WESTVILLE – “It’s not hard; it’s just new.”
That’s the slogan on a sign displayed in Christopher Bontjes’ piano lab at Judith Giacoma Elementary School in Westville.
Apparently it’s also a motto that Bontjes’ students have taken to heart when learning to play piano for the first time in his class.
Earlier this week, nearly two-dozen first-graders listened with rapt attention as an animated Bontjes — who also is known locally as a magician — explained that the black keys on a piano are arranged in groupings of two keys and three keys, forming a repetitive pattern across the keyboard.
He then showed the youngsters how to find middle C on their keyboard and how to properly hold their fingers.
The children also seemed genuinely intrigued when Bontjes’ shared with them that upside musical notes are meant to be played with the left hand.
“That’s so cool!” first-grader Quinn Melecosky exclaimed.
A year ago, the Westville school created a piano lab using money earmarked for technology to purchase 24 electric pianos that are networked together to allow for classroom instruction.
Each keyboard is outfitted with a high-quality headset and microphone so students can receive instruction and practice individually or in groups, as well as communicate with Bontjes.
“The kids wear headphones, so they can hear only themselves and work at their own pace,” Bontjes explained.
“Or I can set it so the kids can hear each other over the headphones, or I can configure it so members of a group can work together on a piece of music,” he added.
“I also can drop in on any kids and hear what they’re playing.”
Visitors to the piano lab, however, hear silence because the sound of the pianos can only be heard through a headset.
Bontjes — who is in his 27th year of teaching, the last nine of which have been at Judith Giacoma — said he was first introduced to electric pianos while in college, but over the years, electric pianos have become more advanced and useful for instruction.
“This is something I’ve read quite a bit about,” he said. “A lot of studies show that learning to play piano helps students succeed in other areas of study.”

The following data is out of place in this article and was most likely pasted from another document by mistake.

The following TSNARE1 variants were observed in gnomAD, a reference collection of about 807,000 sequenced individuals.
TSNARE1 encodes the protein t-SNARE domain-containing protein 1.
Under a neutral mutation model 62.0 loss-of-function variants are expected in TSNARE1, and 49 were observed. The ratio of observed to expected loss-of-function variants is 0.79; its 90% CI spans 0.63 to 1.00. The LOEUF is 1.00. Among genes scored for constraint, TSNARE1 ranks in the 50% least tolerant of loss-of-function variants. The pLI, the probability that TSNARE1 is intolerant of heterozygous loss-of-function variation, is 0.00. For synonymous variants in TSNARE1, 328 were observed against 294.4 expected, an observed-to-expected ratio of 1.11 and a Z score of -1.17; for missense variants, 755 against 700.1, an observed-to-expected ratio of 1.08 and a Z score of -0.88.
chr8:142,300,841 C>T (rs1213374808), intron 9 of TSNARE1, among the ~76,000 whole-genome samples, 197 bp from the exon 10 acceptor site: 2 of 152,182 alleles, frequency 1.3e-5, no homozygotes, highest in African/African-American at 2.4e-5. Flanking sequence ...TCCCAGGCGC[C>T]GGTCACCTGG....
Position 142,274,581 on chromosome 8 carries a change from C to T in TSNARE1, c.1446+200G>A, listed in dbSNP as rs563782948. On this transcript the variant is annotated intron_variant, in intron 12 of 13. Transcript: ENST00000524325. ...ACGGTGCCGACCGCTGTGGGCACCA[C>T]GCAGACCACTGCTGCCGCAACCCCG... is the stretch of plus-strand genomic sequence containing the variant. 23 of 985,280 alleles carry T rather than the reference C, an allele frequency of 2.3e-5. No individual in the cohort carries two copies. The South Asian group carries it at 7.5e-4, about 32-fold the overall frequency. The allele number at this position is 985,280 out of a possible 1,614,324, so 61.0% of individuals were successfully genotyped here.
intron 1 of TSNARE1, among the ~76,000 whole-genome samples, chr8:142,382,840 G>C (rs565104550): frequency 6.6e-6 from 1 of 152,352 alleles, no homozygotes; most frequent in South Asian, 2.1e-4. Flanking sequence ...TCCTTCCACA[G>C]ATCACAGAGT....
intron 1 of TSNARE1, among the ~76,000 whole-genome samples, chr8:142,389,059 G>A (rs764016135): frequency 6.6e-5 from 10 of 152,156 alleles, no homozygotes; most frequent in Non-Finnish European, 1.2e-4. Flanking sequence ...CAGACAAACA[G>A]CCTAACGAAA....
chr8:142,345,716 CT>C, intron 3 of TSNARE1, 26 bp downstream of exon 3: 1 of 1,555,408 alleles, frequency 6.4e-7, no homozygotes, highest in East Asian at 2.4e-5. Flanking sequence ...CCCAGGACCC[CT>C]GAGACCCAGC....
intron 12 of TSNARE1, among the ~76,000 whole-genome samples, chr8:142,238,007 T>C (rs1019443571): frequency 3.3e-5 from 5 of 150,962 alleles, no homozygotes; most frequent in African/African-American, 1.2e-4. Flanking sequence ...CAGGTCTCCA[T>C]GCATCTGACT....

Westville’s piano program is similar to Danville District 118’s violin program that launched in 2015; however, Bontjes said there are some differences.
“Unlike the violin program, we don’t need different sizes of instruments for the kids, and the pianos are less expensive and sturdier,” he said. “It’s the perfect hands-on instrument.”
Bontjes teaches piano to all 735 students from kindergarten through sixth grade at Judith Giacoma and sees each child once every fourth day.
“It’s a lot of kids,” he said, adding that the majority of the children have had no prior experience with pianos or playing any kind of musical instrument. “Last year, only 1 percent of my kids had taken piano lessons.”
Just in their first year of instruction, the students learned to correctly read and perform music, he said.
“We had a full school recital at the end of the school year, with each grade level having a half-hour to perform,” Bontjes said. “It was very well received by the parents.
“The fifth- and sixth-graders were playing songs with both hands,” he added. “That’s a good accomplishment for nine months of private lessons, but for a group setting, that’s fantastic.”
This year, Bontjes is optimistic the students will continue their study of music and of the piano and progress in their skill as music readers and performers.
In fact, Bontjes said the children retained much of what they had learned last school year and hadn’t lost much ground during the summer.
“They’re remembering much faster than when they were first learning it,” he said.
Back in the piano lab last week, Bontjes tried to encourage the first graders to look at their sheet music and not at their fingers while playing the piano. This lesson called for a little humor.
“I promise your fingers won’t jump off your hand,” he said, eliciting a room full of giggles.
Most of all, though, the Westville piano program seems to be nurturing a new generation of music lovers.
“I like to play the piano,” first-grader Aubrey Siciliano stated.
Fellow first-grader Phoenix Nagrodski agreed. “I like how we look at the notes and then we play the notes.”